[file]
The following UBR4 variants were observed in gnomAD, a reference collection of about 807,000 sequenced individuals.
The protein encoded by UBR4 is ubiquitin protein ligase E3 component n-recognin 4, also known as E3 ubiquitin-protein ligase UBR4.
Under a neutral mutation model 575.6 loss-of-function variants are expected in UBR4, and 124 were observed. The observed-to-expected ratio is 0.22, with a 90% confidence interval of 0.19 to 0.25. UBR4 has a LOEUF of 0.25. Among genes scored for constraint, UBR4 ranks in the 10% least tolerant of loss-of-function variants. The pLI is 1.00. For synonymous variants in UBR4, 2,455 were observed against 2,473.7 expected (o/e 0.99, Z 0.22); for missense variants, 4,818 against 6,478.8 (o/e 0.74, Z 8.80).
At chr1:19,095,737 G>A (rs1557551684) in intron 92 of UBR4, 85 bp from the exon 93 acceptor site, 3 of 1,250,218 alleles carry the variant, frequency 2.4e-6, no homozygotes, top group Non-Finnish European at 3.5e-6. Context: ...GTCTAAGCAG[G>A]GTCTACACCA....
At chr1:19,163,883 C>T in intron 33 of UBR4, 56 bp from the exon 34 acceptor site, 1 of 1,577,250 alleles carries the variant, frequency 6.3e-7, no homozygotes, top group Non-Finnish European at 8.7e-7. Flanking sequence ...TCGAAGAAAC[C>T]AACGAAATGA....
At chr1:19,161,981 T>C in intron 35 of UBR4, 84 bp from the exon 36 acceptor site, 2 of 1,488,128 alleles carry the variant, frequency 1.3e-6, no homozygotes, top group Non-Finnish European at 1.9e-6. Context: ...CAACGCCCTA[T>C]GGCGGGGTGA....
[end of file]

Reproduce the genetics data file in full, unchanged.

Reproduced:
The following UBR4 variants were observed in gnomAD, a reference collection of about 807,000 sequenced individuals.
The protein encoded by UBR4 is ubiquitin protein ligase E3 component n-recognin 4, also known as E3 ubiquitin-protein ligase UBR4.
Under a neutral mutation model 575.6 loss-of-function variants are expected in UBR4, and 124 were observed. The observed-to-expected ratio is 0.22, with a 90% confidence interval of 0.19 to 0.25. UBR4 has a LOEUF of 0.25. Among genes scored for constraint, UBR4 ranks in the 10% least tolerant of loss-of-function variants. The pLI is 1.00. For synonymous variants in UBR4, 2,455 were observed against 2,473.7 expected (o/e 0.99, Z 0.22); for missense variants, 4,818 against 6,478.8 (o/e 0.74, Z 8.80).
At chr1:19,095,737 G>A (rs1557551684) in intron 92 of UBR4, 85 bp from the exon 93 acceptor site, 3 of 1,250,218 alleles carry the variant, frequency 2.4e-6, no homozygotes, top group Non-Finnish European at 3.5e-6. Context: ...GTCTAAGCAG[G>A]GTCTACACCA....
At chr1:19,163,883 C>T in intron 33 of UBR4, 56 bp from the exon 34 acceptor site, 1 of 1,577,250 alleles carries the variant, frequency 6.3e-7, no homozygotes, top group Non-Finnish European at 8.7e-7. Flanking sequence ...TCGAAGAAAC[C>T]AACGAAATGA....
At chr1:19,161,981 T>C in intron 35 of UBR4, 84 bp from the exon 36 acceptor site, 2 of 1,488,128 alleles carry the variant, frequency 1.3e-6, no homozygotes, top group Non-Finnish European at 1.9e-6. Context: ...CAACGCCCTA[T>C]GGCGGGGTGA....